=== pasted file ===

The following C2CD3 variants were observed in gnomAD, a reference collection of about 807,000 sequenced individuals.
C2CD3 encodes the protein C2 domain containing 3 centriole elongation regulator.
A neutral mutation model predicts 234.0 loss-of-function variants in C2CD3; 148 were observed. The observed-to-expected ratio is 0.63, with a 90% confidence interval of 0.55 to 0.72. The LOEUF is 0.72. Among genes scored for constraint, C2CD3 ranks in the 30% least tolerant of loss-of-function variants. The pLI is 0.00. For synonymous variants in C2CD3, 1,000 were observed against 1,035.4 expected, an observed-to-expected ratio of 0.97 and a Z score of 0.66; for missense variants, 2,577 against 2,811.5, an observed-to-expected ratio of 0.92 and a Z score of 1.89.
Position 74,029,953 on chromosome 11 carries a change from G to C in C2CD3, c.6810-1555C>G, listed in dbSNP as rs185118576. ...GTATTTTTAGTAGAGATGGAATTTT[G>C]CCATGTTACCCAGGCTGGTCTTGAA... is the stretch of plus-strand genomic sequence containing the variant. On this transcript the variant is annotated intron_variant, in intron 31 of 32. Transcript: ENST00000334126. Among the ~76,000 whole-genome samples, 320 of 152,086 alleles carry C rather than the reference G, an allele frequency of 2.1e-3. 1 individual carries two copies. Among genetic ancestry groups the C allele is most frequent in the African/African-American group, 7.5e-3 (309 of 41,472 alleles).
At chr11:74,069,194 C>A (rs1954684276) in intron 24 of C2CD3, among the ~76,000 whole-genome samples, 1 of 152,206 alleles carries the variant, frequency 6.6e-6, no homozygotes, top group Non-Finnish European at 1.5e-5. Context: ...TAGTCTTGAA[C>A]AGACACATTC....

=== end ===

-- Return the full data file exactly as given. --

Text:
The following C2CD3 variants were observed in gnomAD, a reference collection of about 807,000 sequenced individuals.
C2CD3 encodes the protein C2 domain containing 3 centriole elongation regulator.
A neutral mutation model predicts 234.0 loss-of-function variants in C2CD3; 148 were observed. The observed-to-expected ratio is 0.63, with a 90% confidence interval of 0.55 to 0.72. The LOEUF is 0.72. Among genes scored for constraint, C2CD3 ranks in the 30% least tolerant of loss-of-function variants. The pLI is 0.00. For synonymous variants in C2CD3, 1,000 were observed against 1,035.4 expected, an observed-to-expected ratio of 0.97 and a Z score of 0.66; for missense variants, 2,577 against 2,811.5, an observed-to-expected ratio of 0.92 and a Z score of 1.89.
Position 74,029,953 on chromosome 11 carries a change from G to C in C2CD3, c.6810-1555C>G, listed in dbSNP as rs185118576. ...GTATTTTTAGTAGAGATGGAATTTT[G>C]CCATGTTACCCAGGCTGGTCTTGAA... is the stretch of plus-strand genomic sequence containing the variant. On this transcript the variant is annotated intron_variant, in intron 31 of 32. Transcript: ENST00000334126. Among the ~76,000 whole-genome samples, 320 of 152,086 alleles carry C rather than the reference G, an allele frequency of 2.1e-3. 1 individual carries two copies. Among genetic ancestry groups the C allele is most frequent in the African/African-American group, 7.5e-3 (309 of 41,472 alleles).
At chr11:74,069,194 C>A (rs1954684276) in intron 24 of C2CD3, among the ~76,000 whole-genome samples, 1 of 152,206 alleles carries the variant, frequency 6.6e-6, no homozygotes, top group Non-Finnish European at 1.5e-5. Context: ...TAGTCTTGAA[C>A]AGACACATTC....